Here is one of the things I did right as a competitor and do to this day - I got my ass kicked a lot. I got slammed in randori plenty of times. I say that was right because every time I took a chance and tried something new, I learned a way that someone might beat me. Then I tried it differently the next time, and probably got slammed again. I tried from a higher grip, a lower one,left-handed - and eventually, it worked. It has always amazed me the number of people who are confused about the fact that randori is practice. You see, it occurs during an activity they call "practice" which is held at times listed next to the word PRACTICE on a sign on the door, and the sensei will call out, "Okay, now it's time for free practice - randori!" What more do you need? A little thought-balloon over someone's head like in a cartoon?

All over the world at this very moment, there are people acting like, if they get thrown or pinned at practice, their mother and first-born child will be sold into slavery and then boiled and eaten. What do you people need to catch on - an engraved clue delivered by a monkey in a Captain Obvious suit? What? The really stupid thing is when you beat these morons in an actual tournament and they come up to you and, as someone actually said to me once,
"I don't understand how you beat me in the tournament today. You have to admit that I always won at practice."

I looked at her in disbelief for a moment and then said,
"There's no such thing as winning at practice. That's like saying you got an A in recess or you flunked field trip."

She blinked and replied,
"You can't fail recess. They don't give you grades for that."

I walked away thinking, how sad, you lost to me in the tournament AND you're stupid. Sucks to be you.

You should constantly be evaluating where you are weakest in every area. Even though I love matwork, I am weaker in some positions than others. Supposedly, one of the better positions to defend from in matwork is the position we now call "The Guard" either due to Brazilian jiu jitsu influence or because that sounds so much cooler than "sitting on your butt". That is my weakest position. I became known for my matwork and if I sat like that and tried to get someone to come toward me, they would usually try to get up and run away. People practice defending against someone in the guard position. Actually, I had a lot higher percentage of attacks from all fours, even from my stomach as shown above. There is less expectation of an attack from that position, so people are less prepared to defend from there. Lately, in matwork, I have to keep forcing myself to get back into the guard position to fight. When I do standing randori, it is much easier for me to throw people backward than forward because my knees are so bad it is hard for me to bend. I make a really conscious effort to try two or three forward throws for every backward one.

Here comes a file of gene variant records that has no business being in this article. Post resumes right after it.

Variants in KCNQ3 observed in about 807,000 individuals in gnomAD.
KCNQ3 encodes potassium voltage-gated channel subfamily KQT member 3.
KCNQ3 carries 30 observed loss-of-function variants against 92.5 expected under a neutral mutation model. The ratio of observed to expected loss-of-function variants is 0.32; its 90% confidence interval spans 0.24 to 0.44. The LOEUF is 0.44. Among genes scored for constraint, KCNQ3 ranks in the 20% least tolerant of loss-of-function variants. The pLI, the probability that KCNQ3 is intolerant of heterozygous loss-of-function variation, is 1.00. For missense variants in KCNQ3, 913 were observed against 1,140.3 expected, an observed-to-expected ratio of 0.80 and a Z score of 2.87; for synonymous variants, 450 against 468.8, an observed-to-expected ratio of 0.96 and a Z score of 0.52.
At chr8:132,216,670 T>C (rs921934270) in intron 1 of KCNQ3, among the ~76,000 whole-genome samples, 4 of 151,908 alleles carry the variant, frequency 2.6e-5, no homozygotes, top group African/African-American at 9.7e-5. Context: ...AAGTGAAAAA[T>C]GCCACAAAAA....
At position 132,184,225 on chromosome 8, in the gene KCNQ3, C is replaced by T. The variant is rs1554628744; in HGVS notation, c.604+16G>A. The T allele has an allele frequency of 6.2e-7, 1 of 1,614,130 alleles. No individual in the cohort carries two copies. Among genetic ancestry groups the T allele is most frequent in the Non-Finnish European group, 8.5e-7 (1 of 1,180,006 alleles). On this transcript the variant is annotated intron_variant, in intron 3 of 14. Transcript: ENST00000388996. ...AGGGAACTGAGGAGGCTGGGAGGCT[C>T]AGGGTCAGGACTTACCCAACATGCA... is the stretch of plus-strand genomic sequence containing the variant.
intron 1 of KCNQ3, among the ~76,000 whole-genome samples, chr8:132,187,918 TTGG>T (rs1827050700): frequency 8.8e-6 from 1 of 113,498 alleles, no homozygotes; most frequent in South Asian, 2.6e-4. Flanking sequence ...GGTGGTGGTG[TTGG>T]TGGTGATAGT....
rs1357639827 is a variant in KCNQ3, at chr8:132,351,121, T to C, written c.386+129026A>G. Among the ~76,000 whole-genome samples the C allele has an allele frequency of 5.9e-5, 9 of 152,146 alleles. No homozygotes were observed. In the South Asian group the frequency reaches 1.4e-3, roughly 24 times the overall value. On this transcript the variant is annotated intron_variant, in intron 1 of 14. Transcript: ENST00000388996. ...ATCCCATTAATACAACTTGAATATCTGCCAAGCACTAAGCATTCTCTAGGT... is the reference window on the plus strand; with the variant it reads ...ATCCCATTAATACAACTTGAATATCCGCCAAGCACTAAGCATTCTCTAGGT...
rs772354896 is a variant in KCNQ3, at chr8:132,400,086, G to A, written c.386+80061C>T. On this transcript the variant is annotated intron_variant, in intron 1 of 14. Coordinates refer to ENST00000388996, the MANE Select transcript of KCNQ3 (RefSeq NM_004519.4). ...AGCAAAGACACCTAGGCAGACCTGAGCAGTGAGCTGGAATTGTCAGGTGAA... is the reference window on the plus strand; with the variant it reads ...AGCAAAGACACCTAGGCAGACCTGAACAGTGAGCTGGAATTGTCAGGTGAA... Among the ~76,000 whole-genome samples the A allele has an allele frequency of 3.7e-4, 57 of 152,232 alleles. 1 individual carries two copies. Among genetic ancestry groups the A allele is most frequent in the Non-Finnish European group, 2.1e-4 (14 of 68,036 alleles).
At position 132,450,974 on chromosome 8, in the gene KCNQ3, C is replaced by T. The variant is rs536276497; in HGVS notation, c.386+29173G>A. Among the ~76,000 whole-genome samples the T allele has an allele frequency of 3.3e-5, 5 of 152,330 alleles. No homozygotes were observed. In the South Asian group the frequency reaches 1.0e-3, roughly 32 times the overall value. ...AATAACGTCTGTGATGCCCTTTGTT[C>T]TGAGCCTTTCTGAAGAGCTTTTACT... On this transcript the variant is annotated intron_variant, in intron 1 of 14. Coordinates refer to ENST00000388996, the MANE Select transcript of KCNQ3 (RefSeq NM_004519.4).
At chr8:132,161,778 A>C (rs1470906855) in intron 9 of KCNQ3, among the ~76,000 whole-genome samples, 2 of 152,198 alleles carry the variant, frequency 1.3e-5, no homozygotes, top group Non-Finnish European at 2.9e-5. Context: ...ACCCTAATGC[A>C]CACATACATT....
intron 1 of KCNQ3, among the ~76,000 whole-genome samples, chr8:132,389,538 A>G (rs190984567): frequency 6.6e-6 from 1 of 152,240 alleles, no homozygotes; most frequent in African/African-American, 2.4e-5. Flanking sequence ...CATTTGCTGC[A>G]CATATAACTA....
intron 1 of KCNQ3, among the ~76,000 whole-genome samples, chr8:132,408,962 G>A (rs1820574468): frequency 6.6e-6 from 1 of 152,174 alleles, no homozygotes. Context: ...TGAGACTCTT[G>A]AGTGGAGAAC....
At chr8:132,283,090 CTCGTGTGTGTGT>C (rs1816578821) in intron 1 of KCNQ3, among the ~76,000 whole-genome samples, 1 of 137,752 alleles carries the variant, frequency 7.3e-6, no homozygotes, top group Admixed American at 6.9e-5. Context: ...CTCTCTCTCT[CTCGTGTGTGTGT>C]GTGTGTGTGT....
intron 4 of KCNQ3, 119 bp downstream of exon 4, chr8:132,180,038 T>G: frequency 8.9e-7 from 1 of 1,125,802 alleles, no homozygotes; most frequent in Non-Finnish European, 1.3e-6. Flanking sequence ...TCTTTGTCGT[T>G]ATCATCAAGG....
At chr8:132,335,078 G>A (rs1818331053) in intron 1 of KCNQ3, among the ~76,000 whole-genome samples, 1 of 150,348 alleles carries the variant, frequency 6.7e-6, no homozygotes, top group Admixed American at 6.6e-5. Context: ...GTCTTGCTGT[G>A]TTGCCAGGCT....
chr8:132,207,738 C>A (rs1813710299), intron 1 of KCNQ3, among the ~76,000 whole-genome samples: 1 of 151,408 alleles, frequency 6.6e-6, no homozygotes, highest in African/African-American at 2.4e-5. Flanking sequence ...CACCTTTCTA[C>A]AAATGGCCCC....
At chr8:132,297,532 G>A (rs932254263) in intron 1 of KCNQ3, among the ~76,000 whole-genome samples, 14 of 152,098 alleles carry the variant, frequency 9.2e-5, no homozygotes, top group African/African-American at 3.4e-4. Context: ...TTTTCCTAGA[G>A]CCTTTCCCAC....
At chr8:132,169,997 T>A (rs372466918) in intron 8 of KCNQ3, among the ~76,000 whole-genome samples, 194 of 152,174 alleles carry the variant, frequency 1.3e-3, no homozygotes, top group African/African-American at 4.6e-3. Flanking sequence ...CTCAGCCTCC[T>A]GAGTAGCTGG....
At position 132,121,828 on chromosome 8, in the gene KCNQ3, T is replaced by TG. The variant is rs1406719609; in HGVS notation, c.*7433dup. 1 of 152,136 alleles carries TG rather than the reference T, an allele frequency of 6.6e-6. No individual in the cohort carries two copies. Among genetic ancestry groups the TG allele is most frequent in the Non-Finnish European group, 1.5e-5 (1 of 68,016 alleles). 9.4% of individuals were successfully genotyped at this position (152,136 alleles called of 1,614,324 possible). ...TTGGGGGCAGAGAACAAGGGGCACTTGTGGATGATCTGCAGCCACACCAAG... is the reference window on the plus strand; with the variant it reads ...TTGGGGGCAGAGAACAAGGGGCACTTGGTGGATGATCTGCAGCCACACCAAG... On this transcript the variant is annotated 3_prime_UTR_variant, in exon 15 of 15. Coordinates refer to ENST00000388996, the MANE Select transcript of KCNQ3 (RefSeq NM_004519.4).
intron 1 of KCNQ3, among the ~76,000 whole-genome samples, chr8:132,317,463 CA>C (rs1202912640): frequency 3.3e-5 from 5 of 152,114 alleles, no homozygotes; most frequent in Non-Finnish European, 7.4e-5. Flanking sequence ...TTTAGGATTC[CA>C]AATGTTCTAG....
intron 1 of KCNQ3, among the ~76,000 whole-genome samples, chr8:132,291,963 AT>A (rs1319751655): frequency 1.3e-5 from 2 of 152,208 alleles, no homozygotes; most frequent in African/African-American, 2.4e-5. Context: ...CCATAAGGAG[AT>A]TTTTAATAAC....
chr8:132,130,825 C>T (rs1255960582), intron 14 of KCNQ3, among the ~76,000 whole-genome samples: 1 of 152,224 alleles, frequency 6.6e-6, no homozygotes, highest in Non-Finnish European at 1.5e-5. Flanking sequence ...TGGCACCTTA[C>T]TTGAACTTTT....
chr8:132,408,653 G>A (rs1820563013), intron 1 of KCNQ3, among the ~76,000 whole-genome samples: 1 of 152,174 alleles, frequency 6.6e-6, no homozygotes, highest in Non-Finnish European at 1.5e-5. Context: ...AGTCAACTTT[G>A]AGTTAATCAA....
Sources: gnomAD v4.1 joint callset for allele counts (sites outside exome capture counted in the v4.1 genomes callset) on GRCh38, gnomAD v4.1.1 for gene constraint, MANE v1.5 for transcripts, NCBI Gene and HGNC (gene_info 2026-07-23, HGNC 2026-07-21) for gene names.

Just to emphasize, I would like to end with one of those quotes from Jim Pedro, Sr., shouted at the top of his lungs. I love my daughter and I am very fond of Jim, but if he ever dies of a heart attack on the mat, it will be her fault.

"RONDA!! YOU CAN ALREADY THROW EVERYONE IN THE DOJO WITH UCHIMATA, SO WHY THE HELL ARE YOU PRACTICING THAT?!!"

As I said, practice your weak points.

2 comments:

Anonymous said...

I used to train with boxer people when I was an athlet.Their phisical preparation was really amazing,and I learned a lot how to make the weight and not to get too weak.
My only chance to go to watch the Olympics live is to win a lotto or lottery ticket because it's too expensive for my pocket at the moment.Of course I'd sell a kidney to the mafia and go there if I had my son competing(sorry my english sig!).Ciao grazie un saluto Ric

ALLEN WRENCH said...

I’m mentioned in the blog!
I’m FAMOUS! Woo Hoo!!!


- ALLEN WRENCH –
International superstar